Because connecting to the Internet via a public line requires telephone charges, storing required documents in the non-volatile storage means in advance and performing automatic Web tracing (in off-line mode) with respect to the stored documents can reduce the cost. That is, off-line browsing eliminates the need for displaying documents on the screen at communication time and does not need to consider user's browse time, thus reducing the communication time. The information apparatus according to the present invention is not limited to the connection to a public line but the connection to a leased line may also be possible.
In this specification, the public line includes an analog telephone line, a digital line such as an ISDN line, and a CATV line.
It is desirable that the information apparatus further comprise inquiry means for asking a user if a connection is to be made automatically to the Internet when the document at the next link destination is not stored in the non-volatile storage means during off-line automatic Web tracing. This prevents the line from being connected without the user being aware of the connection.
The documents must be stored in the non-volatile storage means for use in off-line automatic Web tracing. To do so, the information apparatus may comprise automatic downloading means for automatically acquiring not only the specified document on the Internet but also linked documents through the on-line automatic Web tracing function into the non-volatile storage means.
The automatic Web tracing function according to the present invention is implemented by software. The computer program comprises the functions of accessing documents on the Internet; and sequentially and automatically tracing link destinations according to a predetermined rule and parameters based on link information defined in the accessed documents.
Therefore, the present invention includes in its scope a recording medium which stores the program therein. This program may function as what we call a plug-in of an existing browser. The recording medium may be a ROM that may be mounted on a board in the apparatus, a floppy disk that is portable and nonvolatile recording medium, an MD (mini disk), a Zip medium, a CD (compact disk) ROM, and a fixed secondary storage unit such as a hard disk.
FIG. 1 is a diagram showing links among the hierarchical structure of pages that may be browsed by an Internet Web browser;
FIG. 2 is a diagram showing depth-first-search auto-navigation used in an embodiment of the present invention;
FIG. 3 is a diagram showing width-first-search auto-navigation used in the embodiment of the present invention;
FIG. 4 is a block diagram showing an example of the hardware configuration of an information apparatus to which the present invention is applied;
FIG. 5 is a diagram showing an example of an Internet menu displayed on the television screen of the information apparatus according to the present invention;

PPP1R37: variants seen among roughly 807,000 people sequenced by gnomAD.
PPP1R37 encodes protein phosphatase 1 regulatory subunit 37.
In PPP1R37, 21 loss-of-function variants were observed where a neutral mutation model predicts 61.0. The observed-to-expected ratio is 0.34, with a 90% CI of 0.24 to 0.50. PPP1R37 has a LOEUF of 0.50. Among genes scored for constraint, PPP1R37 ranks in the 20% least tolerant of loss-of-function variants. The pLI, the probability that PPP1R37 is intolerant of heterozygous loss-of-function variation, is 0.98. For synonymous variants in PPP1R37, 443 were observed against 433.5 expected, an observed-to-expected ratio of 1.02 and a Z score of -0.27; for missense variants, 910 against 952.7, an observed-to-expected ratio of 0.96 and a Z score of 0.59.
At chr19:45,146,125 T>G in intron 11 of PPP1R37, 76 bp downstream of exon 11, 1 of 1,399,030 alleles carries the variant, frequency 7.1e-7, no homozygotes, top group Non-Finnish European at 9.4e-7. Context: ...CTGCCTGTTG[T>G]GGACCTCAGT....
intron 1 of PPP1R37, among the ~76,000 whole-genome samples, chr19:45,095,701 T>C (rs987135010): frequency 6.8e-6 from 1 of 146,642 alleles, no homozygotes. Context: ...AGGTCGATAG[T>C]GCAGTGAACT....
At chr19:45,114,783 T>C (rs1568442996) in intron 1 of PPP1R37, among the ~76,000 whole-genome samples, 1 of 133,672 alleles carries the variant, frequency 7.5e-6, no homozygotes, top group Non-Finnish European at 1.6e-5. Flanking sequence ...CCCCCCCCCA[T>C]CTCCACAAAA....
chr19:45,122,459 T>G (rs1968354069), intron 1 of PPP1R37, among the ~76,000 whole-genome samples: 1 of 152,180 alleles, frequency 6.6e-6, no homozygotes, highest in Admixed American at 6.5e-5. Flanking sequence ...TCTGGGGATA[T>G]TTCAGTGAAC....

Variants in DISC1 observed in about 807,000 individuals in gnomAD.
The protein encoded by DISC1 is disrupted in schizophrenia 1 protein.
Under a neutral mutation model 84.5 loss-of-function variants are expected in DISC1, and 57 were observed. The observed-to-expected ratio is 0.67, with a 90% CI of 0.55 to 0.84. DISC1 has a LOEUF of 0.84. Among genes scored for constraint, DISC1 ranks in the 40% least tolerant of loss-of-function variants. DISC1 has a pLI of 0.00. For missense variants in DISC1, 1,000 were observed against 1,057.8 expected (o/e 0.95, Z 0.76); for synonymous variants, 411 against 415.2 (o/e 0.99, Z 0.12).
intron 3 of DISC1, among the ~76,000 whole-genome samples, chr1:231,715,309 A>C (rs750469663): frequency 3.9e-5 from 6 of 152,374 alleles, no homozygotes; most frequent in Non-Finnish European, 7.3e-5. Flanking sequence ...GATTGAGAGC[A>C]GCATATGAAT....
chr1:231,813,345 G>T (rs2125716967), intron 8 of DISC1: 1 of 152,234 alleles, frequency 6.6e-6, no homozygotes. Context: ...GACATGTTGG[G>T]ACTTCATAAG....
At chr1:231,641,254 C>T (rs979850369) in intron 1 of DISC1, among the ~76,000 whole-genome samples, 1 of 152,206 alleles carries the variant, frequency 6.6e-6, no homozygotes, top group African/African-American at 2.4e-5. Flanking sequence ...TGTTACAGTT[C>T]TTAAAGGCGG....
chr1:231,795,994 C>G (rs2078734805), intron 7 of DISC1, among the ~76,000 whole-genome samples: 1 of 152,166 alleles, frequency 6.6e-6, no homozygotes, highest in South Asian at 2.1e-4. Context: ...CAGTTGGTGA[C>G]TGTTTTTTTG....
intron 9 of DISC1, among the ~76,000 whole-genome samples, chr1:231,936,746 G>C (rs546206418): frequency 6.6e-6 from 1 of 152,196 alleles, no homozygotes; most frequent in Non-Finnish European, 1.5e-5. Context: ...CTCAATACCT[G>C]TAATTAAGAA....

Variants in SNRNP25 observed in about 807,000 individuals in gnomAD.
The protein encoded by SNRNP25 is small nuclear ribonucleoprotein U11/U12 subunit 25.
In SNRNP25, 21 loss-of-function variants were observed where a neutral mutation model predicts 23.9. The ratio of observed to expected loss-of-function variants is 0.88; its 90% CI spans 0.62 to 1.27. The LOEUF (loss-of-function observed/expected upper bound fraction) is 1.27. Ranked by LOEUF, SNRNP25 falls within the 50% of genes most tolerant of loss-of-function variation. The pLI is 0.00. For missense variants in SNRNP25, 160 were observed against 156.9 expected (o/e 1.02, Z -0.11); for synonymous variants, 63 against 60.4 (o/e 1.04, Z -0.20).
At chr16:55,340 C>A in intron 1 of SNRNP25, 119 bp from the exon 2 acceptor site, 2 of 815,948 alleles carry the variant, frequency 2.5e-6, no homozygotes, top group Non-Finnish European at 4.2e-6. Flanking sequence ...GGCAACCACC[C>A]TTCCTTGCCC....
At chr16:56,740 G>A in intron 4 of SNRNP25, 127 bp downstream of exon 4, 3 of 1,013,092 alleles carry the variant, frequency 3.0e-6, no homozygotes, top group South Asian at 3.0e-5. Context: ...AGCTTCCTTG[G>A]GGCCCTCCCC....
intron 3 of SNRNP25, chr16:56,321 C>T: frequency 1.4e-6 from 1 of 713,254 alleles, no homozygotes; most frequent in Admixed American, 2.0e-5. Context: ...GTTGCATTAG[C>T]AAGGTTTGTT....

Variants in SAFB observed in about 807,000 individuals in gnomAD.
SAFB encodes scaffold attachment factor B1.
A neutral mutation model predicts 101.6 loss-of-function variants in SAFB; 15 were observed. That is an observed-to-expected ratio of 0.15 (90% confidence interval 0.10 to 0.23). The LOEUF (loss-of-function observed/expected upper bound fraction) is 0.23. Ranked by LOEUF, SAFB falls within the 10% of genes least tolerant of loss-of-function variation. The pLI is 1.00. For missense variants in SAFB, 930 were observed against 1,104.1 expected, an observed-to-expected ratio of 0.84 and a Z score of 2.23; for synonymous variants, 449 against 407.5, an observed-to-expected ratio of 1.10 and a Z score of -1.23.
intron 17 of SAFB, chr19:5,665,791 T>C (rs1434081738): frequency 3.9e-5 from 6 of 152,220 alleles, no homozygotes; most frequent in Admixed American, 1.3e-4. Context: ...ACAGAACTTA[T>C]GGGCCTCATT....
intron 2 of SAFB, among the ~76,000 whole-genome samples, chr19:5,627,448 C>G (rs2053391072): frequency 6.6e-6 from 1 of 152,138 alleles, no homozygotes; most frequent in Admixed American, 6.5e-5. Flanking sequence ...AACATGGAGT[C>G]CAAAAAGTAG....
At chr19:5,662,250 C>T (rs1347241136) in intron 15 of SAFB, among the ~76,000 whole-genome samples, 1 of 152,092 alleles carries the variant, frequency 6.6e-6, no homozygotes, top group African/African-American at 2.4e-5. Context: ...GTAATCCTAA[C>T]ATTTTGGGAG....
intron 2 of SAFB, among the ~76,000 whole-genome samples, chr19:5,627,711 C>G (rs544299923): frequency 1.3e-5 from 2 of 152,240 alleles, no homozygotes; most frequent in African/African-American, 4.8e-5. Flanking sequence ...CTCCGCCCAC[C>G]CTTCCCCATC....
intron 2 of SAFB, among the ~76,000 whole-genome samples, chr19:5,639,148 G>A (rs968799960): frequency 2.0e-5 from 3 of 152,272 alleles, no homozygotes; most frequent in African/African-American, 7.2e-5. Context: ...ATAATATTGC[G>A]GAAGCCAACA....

FIG. 6 is a diagram showing an auto-navigation parameter setup screen displayed on the television screen;
FIG. 7 is a flowchart showing an example of auto-navigation parameter setup of the information apparatus according to the present invention;
FIG. 8 is a flowchart showing an example of auto-navigation processing of the information apparatus according to the present invention;
FIG. 9 is a flowchart showing an example of width-first search processing that is combined with the processing in FIG. 8;
FIG. 10 is a flowchart showing an example of auto-navigation suspend processing;
FIG. 11 is a flowchart showing an example of auto-navigation skip processing;
FIG. 12 is a diagram showing an example of the configuration of a history table used during auto-navigation processing;
FIG. 13 is a diagram showing an example of the configuration of a read-page table used during auto-navigation processing;
FIG. 14 is a diagram showing an example of another configuration of the history table used during auto-navigation processing;
FIG. 15 is a diagram showing an example of the configuration of a link-source table used with the history table shown in FIG. 14;
FIG. 16 is a flowchart showing anther example of the return processing of auto-navigation;
FIGS. 17(A) and (b) comprise a diagram showing a second embodiment of the present invention;
FIG. 18 is a flowchart showing the confirmation processing of auto-navigation of the second embodiment of the present invention;
FIG. 19 is a flowchart showing an example of automatic downloading that is required for auto-navigation used in the second embodiment of the present invention;
FIGS. 20(a) and (b) comprise a diagram showing an HTML document;
FIGS. 21(a) and (b) comprise a diagram showing the links used in the HTML document;
FIGS. 22(a) and (b) comprise a diagram showing the links used in the HTML document;
FIGS. 23(a) and (b) comprise a diagram showing the links used in the HTML document; and
FIG. 24 is a diagram showing the information transfer between a client and a WWW server on the Internet.
An information apparatus with the automatic Web browsing function according to the present invention will be described in detail.
FIG. 4 shows an example of hardware configuration of an apparatus for implementing the embodiment. This hardware may be built in the television set or externally connected.